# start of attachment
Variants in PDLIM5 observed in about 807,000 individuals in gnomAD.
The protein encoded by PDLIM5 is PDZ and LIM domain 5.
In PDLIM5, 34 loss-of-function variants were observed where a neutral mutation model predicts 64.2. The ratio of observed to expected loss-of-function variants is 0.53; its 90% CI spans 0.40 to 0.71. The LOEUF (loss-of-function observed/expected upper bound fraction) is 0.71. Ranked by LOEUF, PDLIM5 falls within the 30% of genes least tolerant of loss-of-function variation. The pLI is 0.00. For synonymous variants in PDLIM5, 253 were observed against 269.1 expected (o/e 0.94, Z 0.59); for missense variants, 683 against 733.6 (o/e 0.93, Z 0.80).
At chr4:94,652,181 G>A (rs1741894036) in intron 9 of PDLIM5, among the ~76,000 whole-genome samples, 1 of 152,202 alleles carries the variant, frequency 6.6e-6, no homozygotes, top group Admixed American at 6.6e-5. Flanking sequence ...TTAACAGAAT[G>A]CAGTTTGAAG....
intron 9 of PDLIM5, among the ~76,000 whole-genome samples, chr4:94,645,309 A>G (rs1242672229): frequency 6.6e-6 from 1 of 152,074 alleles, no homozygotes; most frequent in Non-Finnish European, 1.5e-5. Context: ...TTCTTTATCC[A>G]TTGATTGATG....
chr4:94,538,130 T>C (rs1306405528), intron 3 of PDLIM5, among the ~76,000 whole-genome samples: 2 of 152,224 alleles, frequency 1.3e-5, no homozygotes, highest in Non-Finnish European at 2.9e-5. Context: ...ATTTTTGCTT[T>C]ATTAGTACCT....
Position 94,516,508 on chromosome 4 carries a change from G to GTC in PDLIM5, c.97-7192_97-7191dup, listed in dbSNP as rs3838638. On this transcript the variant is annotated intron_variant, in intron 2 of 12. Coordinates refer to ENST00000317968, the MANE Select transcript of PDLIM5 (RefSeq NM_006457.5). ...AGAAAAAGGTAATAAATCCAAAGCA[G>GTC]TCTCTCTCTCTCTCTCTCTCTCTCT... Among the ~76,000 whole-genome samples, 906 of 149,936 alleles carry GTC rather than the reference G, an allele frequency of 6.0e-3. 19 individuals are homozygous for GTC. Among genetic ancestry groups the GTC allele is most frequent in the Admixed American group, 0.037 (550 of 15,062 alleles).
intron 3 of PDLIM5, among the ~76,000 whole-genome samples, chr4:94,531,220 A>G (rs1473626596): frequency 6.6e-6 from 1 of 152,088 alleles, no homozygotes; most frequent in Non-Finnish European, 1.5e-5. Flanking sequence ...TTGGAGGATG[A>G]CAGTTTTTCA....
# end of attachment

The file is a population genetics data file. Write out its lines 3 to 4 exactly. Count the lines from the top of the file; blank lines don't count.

In PDLIM5, 34 loss-of-function variants were observed where a neutral mutation model predicts 64.2. The ratio of observed to expected loss-of-function variants is 0.53; its 90% CI spans 0.40 to 0.71. The LOEUF (loss-of-function observed/expected upper bound fraction) is 0.71. Ranked by LOEUF, PDLIM5 falls within the 30% of genes least tolerant of loss-of-function variation. The pLI is 0.00. For synonymous variants in PDLIM5, 253 were observed against 269.1 expected (o/e 0.94, Z 0.59); for missense variants, 683 against 733.6 (o/e 0.93, Z 0.80).
At chr4:94,652,181 G>A (rs1741894036) in intron 9 of PDLIM5, among the ~76,000 whole-genome samples, 1 of 152,202 alleles carries the variant, frequency 6.6e-6, no homozygotes, top group Admixed American at 6.6e-5. Flanking sequence ...TTAACAGAAT[G>A]CAGTTTGAAG....